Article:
Qatar has highest density of millionaires
Doha, June 2, 2013
Qatar has the highest concentration of millionaires in the world with 143 out of every 1,000 households having private wealth of at least $1 million, according to a new report from Boston Consulting Group.
The country is followed by Switzerland (116), Kuwait (115), Hong Kong (94), and Singapore (82).
The US had the largest number of billionaires in 2012, but the highest density of billionaire households was in Hong Kong (15.1 per million), followed by Switzerland (9.4 per million), said the BCG’s annual report on the global wealth-management industry.
According to the report, global private financial wealth grew by 7.8 percent in 2012 to a total of $135.5 trillion. The rise was stronger than in either 2011 or 2010, when global wealth grew by 3.6 percent and 7.3 percent, respectively.
Wealth increased measurably in the old-world regions of North America (7.8 percent), Western Europe (5.2 percent), and Japan (2.4 percent), mainly owing to the sharp rebound in equity markets in most countries, particularly in the second half of the year.
Meanwhile, new wealth creation fuelled stronger, double-digit growth in the new-world regions of Asia-Pacific ex-Japan (13.8 percent), Eastern Europe (13.2 percent), and Latin America (10.5 percent).
Wealth in the Middle East and Africa (MEA) saw near-double-digit growth (9.1 percent). New-world regions will account for nearly 70 percent of the growth in global private wealth over the next five years.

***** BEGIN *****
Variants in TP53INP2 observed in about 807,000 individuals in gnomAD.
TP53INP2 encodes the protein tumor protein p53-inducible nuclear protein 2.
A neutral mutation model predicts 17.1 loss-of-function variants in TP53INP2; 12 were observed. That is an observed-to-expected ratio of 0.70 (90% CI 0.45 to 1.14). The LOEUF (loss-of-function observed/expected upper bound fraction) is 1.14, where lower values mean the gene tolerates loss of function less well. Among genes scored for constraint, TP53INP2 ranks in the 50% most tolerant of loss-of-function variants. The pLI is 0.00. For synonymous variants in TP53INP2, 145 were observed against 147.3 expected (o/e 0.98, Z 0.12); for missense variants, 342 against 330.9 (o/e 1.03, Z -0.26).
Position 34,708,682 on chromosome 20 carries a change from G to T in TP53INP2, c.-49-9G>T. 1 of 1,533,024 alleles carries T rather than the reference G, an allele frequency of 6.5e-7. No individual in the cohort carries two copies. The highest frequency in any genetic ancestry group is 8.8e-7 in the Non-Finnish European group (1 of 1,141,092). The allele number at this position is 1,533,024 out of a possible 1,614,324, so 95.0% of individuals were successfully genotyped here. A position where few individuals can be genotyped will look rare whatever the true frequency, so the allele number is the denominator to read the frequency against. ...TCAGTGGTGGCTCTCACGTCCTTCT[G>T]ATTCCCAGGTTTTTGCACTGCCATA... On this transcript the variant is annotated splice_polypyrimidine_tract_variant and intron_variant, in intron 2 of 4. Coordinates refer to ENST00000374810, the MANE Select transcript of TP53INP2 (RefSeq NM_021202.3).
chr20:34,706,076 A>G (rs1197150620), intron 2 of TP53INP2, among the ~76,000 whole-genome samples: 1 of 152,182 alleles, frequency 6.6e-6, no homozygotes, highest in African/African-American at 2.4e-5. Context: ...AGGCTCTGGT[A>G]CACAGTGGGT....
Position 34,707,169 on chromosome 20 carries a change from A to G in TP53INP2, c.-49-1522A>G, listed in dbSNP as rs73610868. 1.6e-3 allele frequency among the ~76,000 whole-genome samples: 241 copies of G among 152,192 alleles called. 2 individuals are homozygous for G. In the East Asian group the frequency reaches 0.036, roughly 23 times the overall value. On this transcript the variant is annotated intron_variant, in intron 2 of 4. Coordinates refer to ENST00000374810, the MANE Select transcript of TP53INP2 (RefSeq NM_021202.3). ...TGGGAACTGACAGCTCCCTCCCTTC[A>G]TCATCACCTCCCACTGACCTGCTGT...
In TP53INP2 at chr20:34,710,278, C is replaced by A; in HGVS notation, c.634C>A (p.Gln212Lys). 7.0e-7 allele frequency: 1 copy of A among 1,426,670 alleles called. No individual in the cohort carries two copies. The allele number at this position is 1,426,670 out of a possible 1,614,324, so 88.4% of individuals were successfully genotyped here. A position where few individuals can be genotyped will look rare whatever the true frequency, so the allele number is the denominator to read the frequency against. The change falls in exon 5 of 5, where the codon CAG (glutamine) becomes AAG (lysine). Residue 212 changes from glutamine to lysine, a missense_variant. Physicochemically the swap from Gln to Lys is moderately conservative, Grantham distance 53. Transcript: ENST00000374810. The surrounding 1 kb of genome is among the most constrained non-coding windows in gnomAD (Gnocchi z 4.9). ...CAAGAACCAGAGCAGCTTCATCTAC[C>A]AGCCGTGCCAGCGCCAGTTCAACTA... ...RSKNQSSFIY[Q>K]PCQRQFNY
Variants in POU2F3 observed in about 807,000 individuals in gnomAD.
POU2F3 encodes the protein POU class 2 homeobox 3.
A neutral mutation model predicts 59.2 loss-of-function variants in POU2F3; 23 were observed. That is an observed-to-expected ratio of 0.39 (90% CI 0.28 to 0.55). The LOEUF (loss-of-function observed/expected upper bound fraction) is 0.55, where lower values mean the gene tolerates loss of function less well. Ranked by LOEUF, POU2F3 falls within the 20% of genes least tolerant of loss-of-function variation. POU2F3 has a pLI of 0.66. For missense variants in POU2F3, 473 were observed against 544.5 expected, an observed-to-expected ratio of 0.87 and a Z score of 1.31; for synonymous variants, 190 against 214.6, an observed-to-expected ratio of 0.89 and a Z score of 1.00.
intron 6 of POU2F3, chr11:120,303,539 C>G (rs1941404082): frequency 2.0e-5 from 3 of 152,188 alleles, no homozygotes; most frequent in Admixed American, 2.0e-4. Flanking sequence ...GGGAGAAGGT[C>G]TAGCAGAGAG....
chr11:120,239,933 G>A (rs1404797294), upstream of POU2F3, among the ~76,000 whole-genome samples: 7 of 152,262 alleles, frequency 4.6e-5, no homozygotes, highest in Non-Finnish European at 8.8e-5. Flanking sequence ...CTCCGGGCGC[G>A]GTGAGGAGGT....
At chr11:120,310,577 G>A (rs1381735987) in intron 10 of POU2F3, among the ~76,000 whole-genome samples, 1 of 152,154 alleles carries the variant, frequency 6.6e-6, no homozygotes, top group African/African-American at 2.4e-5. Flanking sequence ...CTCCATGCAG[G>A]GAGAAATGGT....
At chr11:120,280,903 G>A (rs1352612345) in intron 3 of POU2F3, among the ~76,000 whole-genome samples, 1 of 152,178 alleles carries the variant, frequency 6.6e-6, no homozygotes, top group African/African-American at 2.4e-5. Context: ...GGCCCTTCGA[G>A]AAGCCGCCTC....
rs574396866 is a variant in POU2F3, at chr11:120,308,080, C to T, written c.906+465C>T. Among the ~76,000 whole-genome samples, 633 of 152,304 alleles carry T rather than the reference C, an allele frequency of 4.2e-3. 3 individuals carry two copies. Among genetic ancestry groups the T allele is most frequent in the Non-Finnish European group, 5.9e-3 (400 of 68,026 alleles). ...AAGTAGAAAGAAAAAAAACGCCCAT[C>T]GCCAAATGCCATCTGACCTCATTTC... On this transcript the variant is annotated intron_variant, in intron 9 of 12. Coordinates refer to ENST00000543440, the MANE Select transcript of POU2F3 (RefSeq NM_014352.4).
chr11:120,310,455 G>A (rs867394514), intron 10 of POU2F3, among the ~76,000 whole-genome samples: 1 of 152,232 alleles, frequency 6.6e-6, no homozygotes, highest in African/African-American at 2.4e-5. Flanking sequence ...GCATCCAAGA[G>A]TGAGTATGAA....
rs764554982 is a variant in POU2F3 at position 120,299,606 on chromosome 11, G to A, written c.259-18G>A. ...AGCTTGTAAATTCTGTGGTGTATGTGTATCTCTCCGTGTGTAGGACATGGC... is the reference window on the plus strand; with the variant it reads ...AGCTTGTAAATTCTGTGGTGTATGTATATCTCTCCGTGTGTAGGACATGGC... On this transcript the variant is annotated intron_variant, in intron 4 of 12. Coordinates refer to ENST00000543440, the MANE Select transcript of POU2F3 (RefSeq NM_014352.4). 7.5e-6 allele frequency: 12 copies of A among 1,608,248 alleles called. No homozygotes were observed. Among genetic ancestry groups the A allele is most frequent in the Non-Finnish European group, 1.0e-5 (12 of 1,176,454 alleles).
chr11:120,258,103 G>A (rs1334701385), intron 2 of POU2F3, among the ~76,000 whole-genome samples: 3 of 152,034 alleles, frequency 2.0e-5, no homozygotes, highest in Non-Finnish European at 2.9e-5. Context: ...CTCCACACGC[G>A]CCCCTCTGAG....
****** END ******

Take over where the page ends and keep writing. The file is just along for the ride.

The total number of millionaire households reached 13.8 million globally in 2012, or 0.9 percent of all households. The US had the largest number of millionaire households (5.9 million), followed by Japan (1.5 million) and China (1.3 million). China should surpass Japan in 2013.
Offshore wealth, defined as assets booked in a country where the investor has no legal residence or tax domicile, rose by 6.1 percent in 2012 to $8.5 trillion. Despite this increase, stronger growth in onshore wealth led to a slight decline—to 6.3 percent from 6.4 percent, compared with 2011—in offshore wealth’s share of global private wealth. While offshore wealth is projected to rise modestly over the next five years, reaching $11.2 trillion by the end of 2017, wealth is increasingly moving onshore due to the intense pressure that tax authorities are exerting on offshore centres, it said. - TradeArabia News Service
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